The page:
The second "R" would be that the marriage between music and lyrics is really important. If you've got a really sad lyric, it's probably not going to work well for a dance tune.

The third "R" would be not to overdo it. By that I mean don't overuse the word, "love" for example. If you can say what you're talking about without overusing the word "love", that's a good thing. Every song's about love or breaking up, so try to find that angle to the heart that's different than what Michael Bolton has said in his last song. And, if you're submitting songs to me, never use the word "Destiny!" (laughter)

Okay. (laughter) We'll put that in there. We'll put it right under your picture. What's the mistake that writers who aren't quite ready yet, most frequently make?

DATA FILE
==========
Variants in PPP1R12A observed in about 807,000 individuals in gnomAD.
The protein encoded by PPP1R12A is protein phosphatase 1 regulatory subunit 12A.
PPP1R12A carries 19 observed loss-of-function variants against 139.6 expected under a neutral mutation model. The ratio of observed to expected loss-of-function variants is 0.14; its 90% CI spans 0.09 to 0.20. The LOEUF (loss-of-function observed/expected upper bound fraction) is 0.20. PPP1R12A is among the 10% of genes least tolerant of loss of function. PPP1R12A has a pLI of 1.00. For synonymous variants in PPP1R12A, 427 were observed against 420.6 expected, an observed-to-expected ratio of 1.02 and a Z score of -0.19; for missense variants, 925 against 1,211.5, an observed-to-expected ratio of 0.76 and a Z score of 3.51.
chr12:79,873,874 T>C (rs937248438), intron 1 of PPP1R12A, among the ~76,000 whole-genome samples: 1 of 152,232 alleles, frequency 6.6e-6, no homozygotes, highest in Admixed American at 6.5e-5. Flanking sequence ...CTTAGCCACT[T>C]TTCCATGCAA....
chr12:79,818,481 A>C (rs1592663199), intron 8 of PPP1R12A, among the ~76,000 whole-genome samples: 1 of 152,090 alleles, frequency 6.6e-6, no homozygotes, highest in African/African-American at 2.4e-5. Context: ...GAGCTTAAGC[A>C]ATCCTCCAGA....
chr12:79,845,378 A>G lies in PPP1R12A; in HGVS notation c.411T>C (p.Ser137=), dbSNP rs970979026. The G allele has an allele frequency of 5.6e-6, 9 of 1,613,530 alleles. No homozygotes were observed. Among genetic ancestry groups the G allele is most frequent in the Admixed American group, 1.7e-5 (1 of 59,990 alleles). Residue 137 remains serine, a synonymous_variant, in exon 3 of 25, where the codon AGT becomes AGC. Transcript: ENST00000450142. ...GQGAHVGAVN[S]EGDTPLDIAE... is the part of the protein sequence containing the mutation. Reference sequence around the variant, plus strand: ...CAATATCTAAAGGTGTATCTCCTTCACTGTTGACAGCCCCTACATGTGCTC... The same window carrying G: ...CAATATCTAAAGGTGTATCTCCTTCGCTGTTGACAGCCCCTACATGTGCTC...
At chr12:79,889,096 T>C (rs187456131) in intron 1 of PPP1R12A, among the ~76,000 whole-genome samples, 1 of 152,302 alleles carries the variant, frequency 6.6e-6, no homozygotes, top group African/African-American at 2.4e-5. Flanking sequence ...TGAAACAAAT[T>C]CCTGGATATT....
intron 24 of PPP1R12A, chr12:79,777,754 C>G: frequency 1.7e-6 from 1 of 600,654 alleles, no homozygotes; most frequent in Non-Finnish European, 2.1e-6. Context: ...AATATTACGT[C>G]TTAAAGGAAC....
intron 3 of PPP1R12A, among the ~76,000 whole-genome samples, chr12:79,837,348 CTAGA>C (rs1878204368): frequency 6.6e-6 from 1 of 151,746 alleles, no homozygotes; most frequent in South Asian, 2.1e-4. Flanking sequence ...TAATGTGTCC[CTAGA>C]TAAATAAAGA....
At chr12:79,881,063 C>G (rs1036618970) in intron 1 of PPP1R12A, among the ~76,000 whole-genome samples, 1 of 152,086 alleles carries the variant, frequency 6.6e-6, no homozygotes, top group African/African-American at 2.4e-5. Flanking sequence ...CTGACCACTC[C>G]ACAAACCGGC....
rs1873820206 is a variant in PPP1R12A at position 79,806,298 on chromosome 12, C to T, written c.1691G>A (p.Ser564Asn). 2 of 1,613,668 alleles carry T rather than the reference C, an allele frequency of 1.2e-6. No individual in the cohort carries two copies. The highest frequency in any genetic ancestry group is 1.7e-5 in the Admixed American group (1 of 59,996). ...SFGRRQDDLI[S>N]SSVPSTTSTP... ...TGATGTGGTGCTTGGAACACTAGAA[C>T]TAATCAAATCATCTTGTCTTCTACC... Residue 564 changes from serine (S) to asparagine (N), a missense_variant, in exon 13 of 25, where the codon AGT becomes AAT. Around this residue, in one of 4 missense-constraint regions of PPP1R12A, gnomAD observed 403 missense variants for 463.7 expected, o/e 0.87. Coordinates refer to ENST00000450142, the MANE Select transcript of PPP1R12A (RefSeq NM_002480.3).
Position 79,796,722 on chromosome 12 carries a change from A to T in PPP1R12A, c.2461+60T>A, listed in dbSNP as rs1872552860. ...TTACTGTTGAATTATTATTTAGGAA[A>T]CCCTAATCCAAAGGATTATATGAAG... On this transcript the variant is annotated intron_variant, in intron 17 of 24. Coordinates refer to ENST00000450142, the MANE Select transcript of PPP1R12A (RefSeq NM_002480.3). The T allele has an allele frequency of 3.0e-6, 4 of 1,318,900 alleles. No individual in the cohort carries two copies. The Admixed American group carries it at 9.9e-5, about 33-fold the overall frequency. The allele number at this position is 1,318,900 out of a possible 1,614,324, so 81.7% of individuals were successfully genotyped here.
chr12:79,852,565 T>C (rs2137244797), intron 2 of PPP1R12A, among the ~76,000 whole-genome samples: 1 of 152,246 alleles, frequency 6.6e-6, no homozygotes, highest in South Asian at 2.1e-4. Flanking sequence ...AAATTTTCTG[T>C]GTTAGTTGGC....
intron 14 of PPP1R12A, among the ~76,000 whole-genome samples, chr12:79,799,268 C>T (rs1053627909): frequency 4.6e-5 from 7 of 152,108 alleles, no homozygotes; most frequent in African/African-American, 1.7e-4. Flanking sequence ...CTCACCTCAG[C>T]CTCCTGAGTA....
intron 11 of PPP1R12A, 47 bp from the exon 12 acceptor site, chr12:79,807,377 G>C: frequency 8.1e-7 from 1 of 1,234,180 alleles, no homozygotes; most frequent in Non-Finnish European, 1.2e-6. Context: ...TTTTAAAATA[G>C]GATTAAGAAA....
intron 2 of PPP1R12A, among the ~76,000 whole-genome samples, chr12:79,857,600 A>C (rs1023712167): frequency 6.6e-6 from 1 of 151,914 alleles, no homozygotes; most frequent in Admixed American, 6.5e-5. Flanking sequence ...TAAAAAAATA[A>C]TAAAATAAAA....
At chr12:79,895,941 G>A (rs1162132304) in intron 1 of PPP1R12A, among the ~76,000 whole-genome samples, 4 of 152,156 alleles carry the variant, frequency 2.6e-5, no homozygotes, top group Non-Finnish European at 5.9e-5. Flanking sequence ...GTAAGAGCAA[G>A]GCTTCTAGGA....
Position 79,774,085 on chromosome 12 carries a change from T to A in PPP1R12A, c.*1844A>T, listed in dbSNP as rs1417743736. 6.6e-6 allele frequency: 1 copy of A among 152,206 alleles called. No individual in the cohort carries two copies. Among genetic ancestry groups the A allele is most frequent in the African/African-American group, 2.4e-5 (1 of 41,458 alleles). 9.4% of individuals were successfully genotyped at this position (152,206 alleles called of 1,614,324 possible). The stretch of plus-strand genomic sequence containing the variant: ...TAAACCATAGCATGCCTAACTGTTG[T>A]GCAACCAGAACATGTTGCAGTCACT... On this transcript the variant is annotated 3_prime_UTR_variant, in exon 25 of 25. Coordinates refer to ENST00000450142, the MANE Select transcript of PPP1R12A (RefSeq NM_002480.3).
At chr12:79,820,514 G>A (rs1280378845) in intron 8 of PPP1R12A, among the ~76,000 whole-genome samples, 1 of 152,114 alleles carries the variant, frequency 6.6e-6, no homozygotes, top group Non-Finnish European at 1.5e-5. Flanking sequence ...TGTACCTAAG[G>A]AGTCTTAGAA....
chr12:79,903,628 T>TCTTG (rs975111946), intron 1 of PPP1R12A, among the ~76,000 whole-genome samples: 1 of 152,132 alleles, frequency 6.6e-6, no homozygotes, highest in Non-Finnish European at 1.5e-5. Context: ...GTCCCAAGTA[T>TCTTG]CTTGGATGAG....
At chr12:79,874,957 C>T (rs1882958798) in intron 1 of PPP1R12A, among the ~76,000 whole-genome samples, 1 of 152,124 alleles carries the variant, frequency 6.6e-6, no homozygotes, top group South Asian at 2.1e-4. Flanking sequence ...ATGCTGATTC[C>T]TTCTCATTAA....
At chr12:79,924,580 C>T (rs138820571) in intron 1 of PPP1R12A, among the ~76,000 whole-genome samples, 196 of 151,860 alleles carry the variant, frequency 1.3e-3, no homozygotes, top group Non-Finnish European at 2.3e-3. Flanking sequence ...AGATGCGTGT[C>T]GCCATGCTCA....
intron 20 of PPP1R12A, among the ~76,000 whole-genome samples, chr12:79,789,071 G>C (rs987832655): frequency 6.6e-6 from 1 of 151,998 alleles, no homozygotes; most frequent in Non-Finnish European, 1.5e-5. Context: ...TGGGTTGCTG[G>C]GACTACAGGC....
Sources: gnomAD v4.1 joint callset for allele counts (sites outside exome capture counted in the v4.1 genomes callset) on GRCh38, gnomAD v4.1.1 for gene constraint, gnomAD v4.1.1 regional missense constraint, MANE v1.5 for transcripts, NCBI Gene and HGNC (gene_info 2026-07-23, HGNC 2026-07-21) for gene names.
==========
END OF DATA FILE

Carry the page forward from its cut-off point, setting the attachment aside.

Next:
They don't listen to the radio. People who want to be staff songwriters need to listen to who they're selling to. If you're going to try and write something for Celine Dion and Michael Bolton, then go and listen to their records. Listen to how they phrase. Listen to the lyrics they write.

What's more important? A great melody or great lyrics?

Oh, right! Like I'm going to answer that! (laughter) That depends on the song.

What are the qualities that make the most successful songwriters the most successful songwriters?